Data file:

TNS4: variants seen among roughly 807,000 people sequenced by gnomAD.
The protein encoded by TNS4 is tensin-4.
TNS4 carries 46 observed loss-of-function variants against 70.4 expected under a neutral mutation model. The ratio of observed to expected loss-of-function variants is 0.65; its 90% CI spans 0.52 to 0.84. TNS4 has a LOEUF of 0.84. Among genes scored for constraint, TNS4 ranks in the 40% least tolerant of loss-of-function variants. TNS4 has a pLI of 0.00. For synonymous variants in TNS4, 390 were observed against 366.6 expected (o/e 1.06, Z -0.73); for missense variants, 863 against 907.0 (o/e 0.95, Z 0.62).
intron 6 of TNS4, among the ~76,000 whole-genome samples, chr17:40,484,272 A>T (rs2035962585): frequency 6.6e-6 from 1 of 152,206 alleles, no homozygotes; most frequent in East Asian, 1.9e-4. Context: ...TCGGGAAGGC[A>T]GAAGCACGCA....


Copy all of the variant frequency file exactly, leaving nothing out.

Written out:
TNS4: variants seen among roughly 807,000 people sequenced by gnomAD.
The protein encoded by TNS4 is tensin-4.
TNS4 carries 46 observed loss-of-function variants against 70.4 expected under a neutral mutation model. The ratio of observed to expected loss-of-function variants is 0.65; its 90% CI spans 0.52 to 0.84. TNS4 has a LOEUF of 0.84. Among genes scored for constraint, TNS4 ranks in the 40% least tolerant of loss-of-function variants. TNS4 has a pLI of 0.00. For synonymous variants in TNS4, 390 were observed against 366.6 expected (o/e 1.06, Z -0.73); for missense variants, 863 against 907.0 (o/e 0.95, Z 0.62).
intron 6 of TNS4, among the ~76,000 whole-genome samples, chr17:40,484,272 A>T (rs2035962585): frequency 6.6e-6 from 1 of 152,206 alleles, no homozygotes; most frequent in East Asian, 1.9e-4. Context: ...TCGGGAAGGC[A>T]GAAGCACGCA....